The next condition is that of dreamless sleep, some of the higher stages of which have been indicated in a very able article published in the first number of this magazine. Only two characteristics of this state need be noticed, the second higher than the first; one is that it is a state of peaceful calm in which neither the body and physical surroundings, nor the dream-life with its surroundings are present to the consciousness, and the other, that it is the day of the intuitional faculties, the moral and ethical nature, in which the soul becomes vividly conscious of moral law.

To what degree the moral environment of the soul, in this condition of dreamless sleep, is influenced by the moral nature of other individualities, especially those of superior development, is also a very interesting inquiry, but at present we must be content with considering dreamless sleep as a condition of peaceful rest and consciousness of moral law, in which the soul is not conscious of the class of objects manifested in waking and dream life, and in which, consequently, friends could not be present to the consciousness in any form at all similar to our waking or dream experience of them.

These two states will give us a clue to the experiences after death in the "World of Desire" or Kama Loka, and in the state of "Spiritual Bliss" or Devachan. As in dreaming our desires obtain the gratification which was denied them in waking life, so that we often hear of sufferers from thirst dreaming of cooling streams, so we are told that in Kama Loka the lower desires we have accumulated during life must work themselves off before Devachan is reached.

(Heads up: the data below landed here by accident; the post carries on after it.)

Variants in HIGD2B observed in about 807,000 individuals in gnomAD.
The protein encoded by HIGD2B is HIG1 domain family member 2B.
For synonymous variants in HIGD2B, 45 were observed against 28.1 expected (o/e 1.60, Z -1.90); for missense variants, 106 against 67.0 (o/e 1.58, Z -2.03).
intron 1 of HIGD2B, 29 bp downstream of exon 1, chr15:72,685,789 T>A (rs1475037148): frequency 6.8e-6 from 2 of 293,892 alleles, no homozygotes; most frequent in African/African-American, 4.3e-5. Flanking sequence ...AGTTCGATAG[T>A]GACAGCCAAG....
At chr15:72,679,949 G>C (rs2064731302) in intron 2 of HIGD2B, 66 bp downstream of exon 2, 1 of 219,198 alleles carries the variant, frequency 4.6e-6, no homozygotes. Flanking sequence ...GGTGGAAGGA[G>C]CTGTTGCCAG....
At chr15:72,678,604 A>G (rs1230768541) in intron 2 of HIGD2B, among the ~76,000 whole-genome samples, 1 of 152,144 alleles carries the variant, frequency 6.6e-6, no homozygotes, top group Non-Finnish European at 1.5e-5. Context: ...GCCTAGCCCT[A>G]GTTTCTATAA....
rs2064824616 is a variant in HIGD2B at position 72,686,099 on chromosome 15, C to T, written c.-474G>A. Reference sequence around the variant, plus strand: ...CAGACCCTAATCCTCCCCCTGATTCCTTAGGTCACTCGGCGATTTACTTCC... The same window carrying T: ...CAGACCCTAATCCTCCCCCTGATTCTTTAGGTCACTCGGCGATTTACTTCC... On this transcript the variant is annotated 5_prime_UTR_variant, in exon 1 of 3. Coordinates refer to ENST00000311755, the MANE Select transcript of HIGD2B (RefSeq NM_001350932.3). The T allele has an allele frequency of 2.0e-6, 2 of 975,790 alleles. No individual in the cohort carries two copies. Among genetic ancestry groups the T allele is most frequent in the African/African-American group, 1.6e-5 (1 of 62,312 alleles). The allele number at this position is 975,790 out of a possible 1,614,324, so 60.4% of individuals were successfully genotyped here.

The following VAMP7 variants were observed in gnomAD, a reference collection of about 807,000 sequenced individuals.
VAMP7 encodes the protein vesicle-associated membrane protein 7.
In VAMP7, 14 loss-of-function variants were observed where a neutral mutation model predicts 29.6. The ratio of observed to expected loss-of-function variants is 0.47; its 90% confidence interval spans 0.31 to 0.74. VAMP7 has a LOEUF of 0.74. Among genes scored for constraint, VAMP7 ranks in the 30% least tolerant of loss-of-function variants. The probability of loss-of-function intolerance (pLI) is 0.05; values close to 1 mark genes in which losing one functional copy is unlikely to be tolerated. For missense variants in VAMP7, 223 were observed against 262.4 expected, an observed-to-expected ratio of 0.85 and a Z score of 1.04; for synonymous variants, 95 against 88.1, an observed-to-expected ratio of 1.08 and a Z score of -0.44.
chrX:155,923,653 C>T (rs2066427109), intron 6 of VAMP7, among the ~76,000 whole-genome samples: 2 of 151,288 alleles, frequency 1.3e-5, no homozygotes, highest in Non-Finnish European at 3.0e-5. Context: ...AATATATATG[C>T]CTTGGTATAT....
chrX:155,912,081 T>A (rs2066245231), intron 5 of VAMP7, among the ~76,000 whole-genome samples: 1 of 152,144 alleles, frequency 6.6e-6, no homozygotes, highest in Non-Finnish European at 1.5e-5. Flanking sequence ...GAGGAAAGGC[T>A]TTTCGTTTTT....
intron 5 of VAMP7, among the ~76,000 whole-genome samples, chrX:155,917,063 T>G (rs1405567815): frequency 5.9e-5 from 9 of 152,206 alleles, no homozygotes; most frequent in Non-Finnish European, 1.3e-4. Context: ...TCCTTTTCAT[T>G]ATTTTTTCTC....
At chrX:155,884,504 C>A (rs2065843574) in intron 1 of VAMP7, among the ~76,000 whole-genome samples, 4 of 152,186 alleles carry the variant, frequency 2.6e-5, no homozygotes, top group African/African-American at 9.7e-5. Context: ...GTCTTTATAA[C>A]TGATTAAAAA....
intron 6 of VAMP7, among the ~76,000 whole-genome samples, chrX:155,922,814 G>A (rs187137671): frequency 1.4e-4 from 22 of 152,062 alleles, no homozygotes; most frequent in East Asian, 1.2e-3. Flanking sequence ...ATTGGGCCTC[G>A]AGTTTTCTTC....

From this we are led to infer that in Kama Loka our friends or at least those of them who have been associated with such desires, may be present to our consciousness in form, speech, and thought as we have known them in life.

In Devachan, however, if our analogy be true, nothing resembling the ordinary appearance of such friends, indeed nothing at all belonging to the class of objects which are cognised by the senses, nothing but what is soundless and invisible can be present to the consciousness.

If, however, it be true that the moral nature of others has an influence on our intuitional consciousness in dreamless sleep, it is also probably true that the moral nature of others, especially of our friends, as being those with whom our moral nature is most in harmony, will influence our consciousness in the Devachanic condition, and will do so, of course, quite irrespective of the question whether they are alive or dead, supposing it be possible to reach the Devachanic state in so short a time as the survival of friends would imply.

But our friends, if present at all, will not be present to us in any visible form, they will make themselves felt as a moral influence, strong in proportion to their purity and affinity to us.

We will conclude with a quotation from Sankaracharya which gives a very suggestive hint as to the entities really concerned in both waking and dream life:

"In dream where there is no substantial reality, one enters a world of enjoyment by the power of manas. So it is in the waking life, without any difference, all this is the manifestation of manas."


The Path